Last academic year 2020-2021 I was invited back to the WSA, Cardiff University after almost 15 years away from the ‘Diff as a guest design tutor for Architectural Design Module for first year. There was hope and expectation that with lots of precautions, sanitizer, fresh air and face mask this would be in person. It didn’t quite pan out like that and I learnt how to teach design and drawing via zoom; sketching live, digitally is challenging. Communicating scale and the architectural staple concepts of plan, section and elevation to a student who might be thousands of miles and several time zones away was both challenging and rewarding.
Teaching first year design constantly reminded me what I take for granted; how I could communicate to clients effectively, the power of sketching in real life, with a pen and some trace in order to work through a design conundrum. The importance of knowing why you are designing something. That there are no wrong answers and there is power in conviction.
I witnessed fresh ideas and developing skills, fretted with tutors and re-experienced crit nerves: would they have done the work in the week ? Had someone persevered and found a way to communicate their design ideas clearly? What if they misinterpreted a comment and went off on a tangent? What would the guest critic think?
This year, practice commitments and workload at DKA (we’re busy; come and join us!) has meant that I’ve stepped back from teaching but I have returned as a guest critic. Excitingly this has become in real life in the newly refurbished and expanded WSA at the Bute Building. Originally when I studied at the WSA, the Bute building was shared between Architects and Journalists. Now it’s a crisp conversion incorporating digital labs, workshops and hybrid studios. For last week’s crits, the project brief was a food kiosk to be sited along the board walk adjacent to the Millennium Stadium. Students were challenged to think about both the workers and the customers, the integration of the urban realm and sustainable opportunities through careful selection of materials.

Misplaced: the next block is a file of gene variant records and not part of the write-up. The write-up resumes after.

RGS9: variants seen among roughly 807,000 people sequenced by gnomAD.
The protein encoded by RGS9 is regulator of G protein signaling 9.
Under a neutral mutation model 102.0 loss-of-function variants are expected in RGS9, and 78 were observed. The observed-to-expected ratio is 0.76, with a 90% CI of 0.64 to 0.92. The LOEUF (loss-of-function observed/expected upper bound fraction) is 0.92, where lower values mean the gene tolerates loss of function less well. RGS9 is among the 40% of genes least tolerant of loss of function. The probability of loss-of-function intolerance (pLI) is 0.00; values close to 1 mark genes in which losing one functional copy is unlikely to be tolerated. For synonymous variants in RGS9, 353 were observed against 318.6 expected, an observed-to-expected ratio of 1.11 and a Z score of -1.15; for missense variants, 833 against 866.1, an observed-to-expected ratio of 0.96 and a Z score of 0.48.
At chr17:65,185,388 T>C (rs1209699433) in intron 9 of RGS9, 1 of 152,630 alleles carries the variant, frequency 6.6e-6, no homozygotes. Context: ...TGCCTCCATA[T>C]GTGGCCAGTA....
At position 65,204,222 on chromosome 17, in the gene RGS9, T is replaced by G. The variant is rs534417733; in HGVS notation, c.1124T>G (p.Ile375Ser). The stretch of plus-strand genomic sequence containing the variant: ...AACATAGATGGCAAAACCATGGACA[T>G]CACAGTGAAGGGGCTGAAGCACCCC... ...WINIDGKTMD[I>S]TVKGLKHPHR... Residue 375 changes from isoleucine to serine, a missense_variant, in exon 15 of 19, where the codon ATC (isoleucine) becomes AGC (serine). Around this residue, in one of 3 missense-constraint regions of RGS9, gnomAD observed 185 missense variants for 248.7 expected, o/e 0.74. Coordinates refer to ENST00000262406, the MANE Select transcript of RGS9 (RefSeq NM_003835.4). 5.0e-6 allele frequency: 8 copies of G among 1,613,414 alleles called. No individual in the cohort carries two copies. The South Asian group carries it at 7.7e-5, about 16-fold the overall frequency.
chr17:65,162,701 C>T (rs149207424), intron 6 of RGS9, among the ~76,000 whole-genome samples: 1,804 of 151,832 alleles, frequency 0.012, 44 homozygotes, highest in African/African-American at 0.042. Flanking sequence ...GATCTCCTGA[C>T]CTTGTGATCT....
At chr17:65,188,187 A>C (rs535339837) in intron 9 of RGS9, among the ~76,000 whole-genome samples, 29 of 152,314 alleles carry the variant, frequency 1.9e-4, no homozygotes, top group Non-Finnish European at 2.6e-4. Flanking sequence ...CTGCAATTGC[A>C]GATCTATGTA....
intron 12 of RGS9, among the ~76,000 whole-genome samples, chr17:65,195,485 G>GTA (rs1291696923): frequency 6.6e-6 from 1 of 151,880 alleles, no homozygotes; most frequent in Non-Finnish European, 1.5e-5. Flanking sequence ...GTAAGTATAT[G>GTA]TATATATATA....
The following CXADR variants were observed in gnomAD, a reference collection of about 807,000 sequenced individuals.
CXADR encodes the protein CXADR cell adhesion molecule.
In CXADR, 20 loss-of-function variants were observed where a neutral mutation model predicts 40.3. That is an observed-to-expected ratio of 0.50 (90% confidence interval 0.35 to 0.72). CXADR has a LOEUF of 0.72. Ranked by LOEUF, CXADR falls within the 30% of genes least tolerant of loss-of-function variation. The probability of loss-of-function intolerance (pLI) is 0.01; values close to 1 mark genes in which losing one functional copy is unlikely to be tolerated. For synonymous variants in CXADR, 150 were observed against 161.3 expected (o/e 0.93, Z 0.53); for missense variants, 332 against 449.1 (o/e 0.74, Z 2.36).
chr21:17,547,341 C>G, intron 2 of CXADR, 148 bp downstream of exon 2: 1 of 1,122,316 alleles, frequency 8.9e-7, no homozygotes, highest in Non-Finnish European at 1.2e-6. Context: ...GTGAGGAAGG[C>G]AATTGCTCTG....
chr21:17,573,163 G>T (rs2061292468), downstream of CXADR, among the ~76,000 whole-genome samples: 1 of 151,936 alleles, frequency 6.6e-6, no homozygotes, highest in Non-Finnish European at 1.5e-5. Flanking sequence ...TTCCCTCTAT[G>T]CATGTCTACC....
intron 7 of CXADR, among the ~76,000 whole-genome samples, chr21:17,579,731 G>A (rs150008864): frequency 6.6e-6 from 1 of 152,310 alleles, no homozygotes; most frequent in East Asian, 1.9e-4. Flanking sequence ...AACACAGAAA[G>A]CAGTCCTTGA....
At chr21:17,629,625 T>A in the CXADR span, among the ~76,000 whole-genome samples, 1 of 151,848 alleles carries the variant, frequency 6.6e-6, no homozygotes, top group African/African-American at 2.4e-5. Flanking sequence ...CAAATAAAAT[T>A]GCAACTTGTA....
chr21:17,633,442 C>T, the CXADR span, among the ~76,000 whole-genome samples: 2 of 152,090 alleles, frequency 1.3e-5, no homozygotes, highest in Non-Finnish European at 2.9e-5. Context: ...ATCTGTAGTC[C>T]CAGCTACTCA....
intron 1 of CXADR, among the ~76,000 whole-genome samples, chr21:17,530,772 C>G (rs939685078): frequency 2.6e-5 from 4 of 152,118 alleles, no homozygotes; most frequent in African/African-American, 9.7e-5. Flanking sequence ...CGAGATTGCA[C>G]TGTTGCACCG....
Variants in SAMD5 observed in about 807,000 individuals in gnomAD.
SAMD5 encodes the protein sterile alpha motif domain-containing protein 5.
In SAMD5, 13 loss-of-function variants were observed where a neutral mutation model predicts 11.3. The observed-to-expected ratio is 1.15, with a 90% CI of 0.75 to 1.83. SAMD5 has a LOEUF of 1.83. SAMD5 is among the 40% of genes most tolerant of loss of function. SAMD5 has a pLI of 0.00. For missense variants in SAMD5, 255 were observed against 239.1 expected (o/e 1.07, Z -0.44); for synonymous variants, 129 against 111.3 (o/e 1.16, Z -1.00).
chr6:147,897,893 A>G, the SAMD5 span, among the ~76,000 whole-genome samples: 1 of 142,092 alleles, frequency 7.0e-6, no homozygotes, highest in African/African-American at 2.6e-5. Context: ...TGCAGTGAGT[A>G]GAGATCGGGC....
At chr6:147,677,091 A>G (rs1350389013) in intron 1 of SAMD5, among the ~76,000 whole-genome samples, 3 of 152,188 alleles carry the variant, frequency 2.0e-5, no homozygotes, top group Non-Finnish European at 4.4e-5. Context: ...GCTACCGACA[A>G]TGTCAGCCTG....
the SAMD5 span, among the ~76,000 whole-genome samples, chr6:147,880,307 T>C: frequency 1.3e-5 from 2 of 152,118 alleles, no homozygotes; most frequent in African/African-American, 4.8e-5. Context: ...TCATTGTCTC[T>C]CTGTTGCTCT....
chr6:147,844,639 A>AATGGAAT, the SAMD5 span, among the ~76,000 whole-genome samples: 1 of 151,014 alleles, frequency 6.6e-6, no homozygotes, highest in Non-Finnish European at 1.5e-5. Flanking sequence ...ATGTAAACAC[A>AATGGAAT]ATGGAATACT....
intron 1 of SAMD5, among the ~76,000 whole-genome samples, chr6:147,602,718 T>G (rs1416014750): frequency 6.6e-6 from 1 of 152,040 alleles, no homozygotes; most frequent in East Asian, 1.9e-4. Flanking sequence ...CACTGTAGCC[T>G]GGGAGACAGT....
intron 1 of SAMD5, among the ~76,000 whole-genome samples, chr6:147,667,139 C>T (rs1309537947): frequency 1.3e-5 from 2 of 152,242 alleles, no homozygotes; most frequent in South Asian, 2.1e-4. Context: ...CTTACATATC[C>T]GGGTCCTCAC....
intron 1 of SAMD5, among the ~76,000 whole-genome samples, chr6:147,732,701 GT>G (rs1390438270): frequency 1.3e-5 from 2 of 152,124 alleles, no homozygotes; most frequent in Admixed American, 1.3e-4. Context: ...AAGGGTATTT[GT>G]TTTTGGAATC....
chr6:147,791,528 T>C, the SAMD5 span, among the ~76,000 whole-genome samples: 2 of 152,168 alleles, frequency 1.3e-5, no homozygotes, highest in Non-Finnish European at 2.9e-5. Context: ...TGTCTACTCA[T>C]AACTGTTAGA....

The crits mix student’s digital presentation, on Miro boards, with physical models and hard copies of their drawings. Having critted during first semester it was great to see skills developing and emerging as students took their initial explorations and steps into architectural thinking to develop an emerging set of technical drawings, maquette sketch models and final models on display as well as verbal presentations as one by one the students explained their schemes and design ideas. Particularly impressive was the group site model which showcased all the schemes, to scale and clearly communicated their individual design approaches.
The opportunity to mix the digital crit boards via large scale AV screens with the physical experience of holding and sharing a model whilst presenting in person creates a hybrid that reflects the modern world we live in. Gone are the days of pinning up physical sheets of paper but the joy that physical objects and their importance in exploring 3D spaces and the user experience is key.
As well as the student voice, being a guest critic offers up the opportunity to meet an array of visiting critics from a range of academic and practical backgrounds from across the UK (and sometimes beyond). Their views on pedagogy and design agendas are varied and fascinating. How they individually analyse a design, its process and their priorities challenge me to clearly define my own design agenda and what I think is important in delivering good architecture.
It’s a rewarding process and I’m already looking forward to seeing what the next first year project crits will bring at the end of March!